Jacob Zuma has responded to stern criticism from Cosatu, saying that his move to sign the Tax Administration Amendment Act (which affects pensions) was not taken unilaterally.
Cosatu issued a statement on Wednesday saying it had noted that the national Treasury “is proposing to gradually phase out lump sum pension payments in a bid to foster retirement savings”.
The union federation said it was concerned that the proposal “has been made public before a long-awaited discussion paper on the future of retirement funds has been submitted to Nedlac, as the government promised it would”.
Nedlac – the National Economic Development and Labour Council – facilitates dialogue among its social partners including government, labour, business and community representatives.
But on Thursday the Presidency said: “President Jacob Zuma did not act unilaterally when signing the Tax Administration Amendment Act.”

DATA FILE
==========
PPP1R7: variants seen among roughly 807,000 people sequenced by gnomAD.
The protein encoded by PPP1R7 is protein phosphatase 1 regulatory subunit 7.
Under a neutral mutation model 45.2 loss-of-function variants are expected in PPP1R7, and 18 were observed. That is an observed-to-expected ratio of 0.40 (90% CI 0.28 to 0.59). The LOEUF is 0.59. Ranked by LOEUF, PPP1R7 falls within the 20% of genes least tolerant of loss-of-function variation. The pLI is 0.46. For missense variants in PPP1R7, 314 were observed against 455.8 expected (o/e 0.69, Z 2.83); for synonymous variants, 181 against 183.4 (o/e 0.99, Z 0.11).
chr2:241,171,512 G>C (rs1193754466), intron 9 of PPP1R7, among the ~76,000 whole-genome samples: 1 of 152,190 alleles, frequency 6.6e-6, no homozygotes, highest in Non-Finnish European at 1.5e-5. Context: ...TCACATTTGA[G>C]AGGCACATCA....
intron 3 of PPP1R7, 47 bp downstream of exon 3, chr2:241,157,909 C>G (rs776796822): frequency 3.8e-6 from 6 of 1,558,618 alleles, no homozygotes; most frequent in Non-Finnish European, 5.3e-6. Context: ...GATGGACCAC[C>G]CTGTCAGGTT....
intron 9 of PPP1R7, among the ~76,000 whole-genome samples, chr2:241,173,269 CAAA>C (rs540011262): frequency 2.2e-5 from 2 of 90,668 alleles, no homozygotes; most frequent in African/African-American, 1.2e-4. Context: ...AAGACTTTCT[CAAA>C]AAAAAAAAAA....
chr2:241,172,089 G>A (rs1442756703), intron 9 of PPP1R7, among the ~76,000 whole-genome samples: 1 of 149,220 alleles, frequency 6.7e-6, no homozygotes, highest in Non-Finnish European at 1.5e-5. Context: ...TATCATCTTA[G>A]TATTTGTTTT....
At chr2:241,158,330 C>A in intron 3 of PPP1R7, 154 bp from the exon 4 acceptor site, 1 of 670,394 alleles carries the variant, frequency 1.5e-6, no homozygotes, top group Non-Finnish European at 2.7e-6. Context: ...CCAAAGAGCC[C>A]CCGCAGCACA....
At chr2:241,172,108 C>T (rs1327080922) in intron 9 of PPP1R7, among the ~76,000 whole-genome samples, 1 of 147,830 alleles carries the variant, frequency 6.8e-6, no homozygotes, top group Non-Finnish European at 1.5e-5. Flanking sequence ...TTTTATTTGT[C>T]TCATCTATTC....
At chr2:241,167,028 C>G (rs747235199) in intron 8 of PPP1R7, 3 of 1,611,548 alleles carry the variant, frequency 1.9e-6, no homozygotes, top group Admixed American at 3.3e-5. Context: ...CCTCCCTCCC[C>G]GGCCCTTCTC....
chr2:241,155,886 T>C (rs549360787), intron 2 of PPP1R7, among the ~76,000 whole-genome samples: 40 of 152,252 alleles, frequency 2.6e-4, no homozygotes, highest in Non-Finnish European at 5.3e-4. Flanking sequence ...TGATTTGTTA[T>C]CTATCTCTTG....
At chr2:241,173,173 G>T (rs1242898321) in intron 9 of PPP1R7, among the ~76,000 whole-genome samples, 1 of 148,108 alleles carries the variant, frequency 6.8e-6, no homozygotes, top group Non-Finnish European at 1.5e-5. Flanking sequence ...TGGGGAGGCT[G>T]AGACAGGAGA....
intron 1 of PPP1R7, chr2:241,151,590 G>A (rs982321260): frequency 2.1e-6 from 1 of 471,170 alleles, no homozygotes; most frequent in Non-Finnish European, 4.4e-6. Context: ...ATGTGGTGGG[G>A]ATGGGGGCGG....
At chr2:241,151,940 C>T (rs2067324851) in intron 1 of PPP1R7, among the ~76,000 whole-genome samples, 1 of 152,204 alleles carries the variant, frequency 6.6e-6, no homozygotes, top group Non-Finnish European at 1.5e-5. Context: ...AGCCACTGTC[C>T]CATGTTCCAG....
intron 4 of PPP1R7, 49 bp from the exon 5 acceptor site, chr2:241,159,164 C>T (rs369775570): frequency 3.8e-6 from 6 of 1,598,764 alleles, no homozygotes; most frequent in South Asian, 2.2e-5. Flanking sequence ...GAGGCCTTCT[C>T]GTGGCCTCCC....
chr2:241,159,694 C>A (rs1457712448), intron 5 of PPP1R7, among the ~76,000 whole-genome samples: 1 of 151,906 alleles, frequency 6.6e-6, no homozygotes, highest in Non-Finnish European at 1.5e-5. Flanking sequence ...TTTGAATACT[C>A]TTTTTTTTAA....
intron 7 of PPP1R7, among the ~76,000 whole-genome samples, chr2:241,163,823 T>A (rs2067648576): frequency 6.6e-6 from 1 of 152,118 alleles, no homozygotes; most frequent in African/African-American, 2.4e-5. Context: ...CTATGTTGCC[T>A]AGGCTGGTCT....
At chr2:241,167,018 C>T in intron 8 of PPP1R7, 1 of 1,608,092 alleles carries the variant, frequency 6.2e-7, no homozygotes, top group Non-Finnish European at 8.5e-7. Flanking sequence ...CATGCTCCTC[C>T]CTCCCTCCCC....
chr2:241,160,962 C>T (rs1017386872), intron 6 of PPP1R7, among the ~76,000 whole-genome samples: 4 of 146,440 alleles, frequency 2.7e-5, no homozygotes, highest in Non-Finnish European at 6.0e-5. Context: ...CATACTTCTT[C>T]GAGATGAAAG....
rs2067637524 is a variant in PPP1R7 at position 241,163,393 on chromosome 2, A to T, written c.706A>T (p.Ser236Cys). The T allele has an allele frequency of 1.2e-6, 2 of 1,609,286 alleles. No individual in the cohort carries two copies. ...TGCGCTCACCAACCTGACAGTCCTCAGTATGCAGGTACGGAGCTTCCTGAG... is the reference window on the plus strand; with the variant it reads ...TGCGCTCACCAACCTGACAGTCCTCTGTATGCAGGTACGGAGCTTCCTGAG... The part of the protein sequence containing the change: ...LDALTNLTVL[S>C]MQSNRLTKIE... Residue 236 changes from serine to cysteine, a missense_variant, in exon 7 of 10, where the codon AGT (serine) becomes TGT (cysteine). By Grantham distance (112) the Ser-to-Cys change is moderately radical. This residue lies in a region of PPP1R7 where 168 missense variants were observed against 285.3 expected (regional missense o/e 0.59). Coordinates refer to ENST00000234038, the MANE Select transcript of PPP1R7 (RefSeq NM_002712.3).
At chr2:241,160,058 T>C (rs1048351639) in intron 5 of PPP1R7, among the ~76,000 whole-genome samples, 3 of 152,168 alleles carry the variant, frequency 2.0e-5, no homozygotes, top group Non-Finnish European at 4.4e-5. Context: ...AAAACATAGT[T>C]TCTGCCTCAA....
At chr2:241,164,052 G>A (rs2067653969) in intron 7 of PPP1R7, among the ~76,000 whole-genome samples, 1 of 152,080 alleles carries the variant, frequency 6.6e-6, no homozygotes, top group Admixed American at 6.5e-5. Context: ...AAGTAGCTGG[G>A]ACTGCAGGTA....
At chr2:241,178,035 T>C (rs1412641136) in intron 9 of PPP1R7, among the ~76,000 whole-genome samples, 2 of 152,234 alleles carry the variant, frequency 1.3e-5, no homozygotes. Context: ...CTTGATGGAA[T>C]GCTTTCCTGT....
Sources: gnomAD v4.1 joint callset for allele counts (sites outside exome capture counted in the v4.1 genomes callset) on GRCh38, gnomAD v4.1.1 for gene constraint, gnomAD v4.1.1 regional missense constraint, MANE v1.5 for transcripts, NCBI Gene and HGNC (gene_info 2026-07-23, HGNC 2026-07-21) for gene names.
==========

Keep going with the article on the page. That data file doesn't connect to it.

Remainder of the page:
President Zuma’s office added that: “The law was considered at NEDLAC. It was also discussed openly in parliament. It was passed by both the National Assembly and the National Council of Provinces following public hearings.”
The contentious matter has been seen as a sign of tension in the Tripartite Alliance comprising the ruling African National Congress, Cosatu and the South African Communist Party.
Cosatu president Sdumo Dlamini was quoted by Business Day newspaper online as saying the federation would apply for permission to hold protests under Section 77 of the Labour Relations Act.
“Yes, it does affect the alliance. It talks to the levels of respect and the lack of consultation. We will have to address this issue sharply. This was one matter that was do-or-die for workers,” Dlamini was quoted as saying.